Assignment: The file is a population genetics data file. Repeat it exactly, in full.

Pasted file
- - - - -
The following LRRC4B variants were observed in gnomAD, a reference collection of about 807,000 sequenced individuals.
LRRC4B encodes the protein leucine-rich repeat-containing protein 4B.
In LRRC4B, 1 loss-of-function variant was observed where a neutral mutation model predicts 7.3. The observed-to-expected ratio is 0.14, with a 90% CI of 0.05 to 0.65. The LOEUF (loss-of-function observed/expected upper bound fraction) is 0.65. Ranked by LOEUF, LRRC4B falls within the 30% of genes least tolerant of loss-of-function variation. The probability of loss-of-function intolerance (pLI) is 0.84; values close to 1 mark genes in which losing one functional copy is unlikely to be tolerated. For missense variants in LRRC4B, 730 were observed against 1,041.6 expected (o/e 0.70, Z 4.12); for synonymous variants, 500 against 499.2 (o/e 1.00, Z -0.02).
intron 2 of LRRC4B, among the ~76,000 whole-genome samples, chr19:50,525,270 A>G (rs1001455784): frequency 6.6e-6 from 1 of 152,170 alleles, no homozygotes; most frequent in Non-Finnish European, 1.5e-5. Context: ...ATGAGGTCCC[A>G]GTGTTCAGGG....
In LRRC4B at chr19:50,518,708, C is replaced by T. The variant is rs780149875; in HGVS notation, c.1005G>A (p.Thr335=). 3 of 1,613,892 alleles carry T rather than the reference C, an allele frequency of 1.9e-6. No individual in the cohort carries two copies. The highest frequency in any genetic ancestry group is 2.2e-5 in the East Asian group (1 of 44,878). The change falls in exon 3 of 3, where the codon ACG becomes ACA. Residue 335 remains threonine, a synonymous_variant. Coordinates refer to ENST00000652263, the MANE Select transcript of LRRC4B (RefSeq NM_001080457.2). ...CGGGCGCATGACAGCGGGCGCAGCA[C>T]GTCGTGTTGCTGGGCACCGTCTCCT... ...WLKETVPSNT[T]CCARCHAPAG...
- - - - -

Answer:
The following LRRC4B variants were observed in gnomAD, a reference collection of about 807,000 sequenced individuals.
LRRC4B encodes the protein leucine-rich repeat-containing protein 4B.
In LRRC4B, 1 loss-of-function variant was observed where a neutral mutation model predicts 7.3. The observed-to-expected ratio is 0.14, with a 90% CI of 0.05 to 0.65. The LOEUF (loss-of-function observed/expected upper bound fraction) is 0.65. Ranked by LOEUF, LRRC4B falls within the 30% of genes least tolerant of loss-of-function variation. The probability of loss-of-function intolerance (pLI) is 0.84; values close to 1 mark genes in which losing one functional copy is unlikely to be tolerated. For missense variants in LRRC4B, 730 were observed against 1,041.6 expected (o/e 0.70, Z 4.12); for synonymous variants, 500 against 499.2 (o/e 1.00, Z -0.02).
intron 2 of LRRC4B, among the ~76,000 whole-genome samples, chr19:50,525,270 A>G (rs1001455784): frequency 6.6e-6 from 1 of 152,170 alleles, no homozygotes; most frequent in Non-Finnish European, 1.5e-5. Context: ...ATGAGGTCCC[A>G]GTGTTCAGGG....
In LRRC4B at chr19:50,518,708, C is replaced by T. The variant is rs780149875; in HGVS notation, c.1005G>A (p.Thr335=). 3 of 1,613,892 alleles carry T rather than the reference C, an allele frequency of 1.9e-6. No individual in the cohort carries two copies. The highest frequency in any genetic ancestry group is 2.2e-5 in the East Asian group (1 of 44,878). The change falls in exon 3 of 3, where the codon ACG becomes ACA. Residue 335 remains threonine, a synonymous_variant. Coordinates refer to ENST00000652263, the MANE Select transcript of LRRC4B (RefSeq NM_001080457.2). ...CGGGCGCATGACAGCGGGCGCAGCA[C>T]GTCGTGTTGCTGGGCACCGTCTCCT... ...WLKETVPSNT[T]CCARCHAPAG...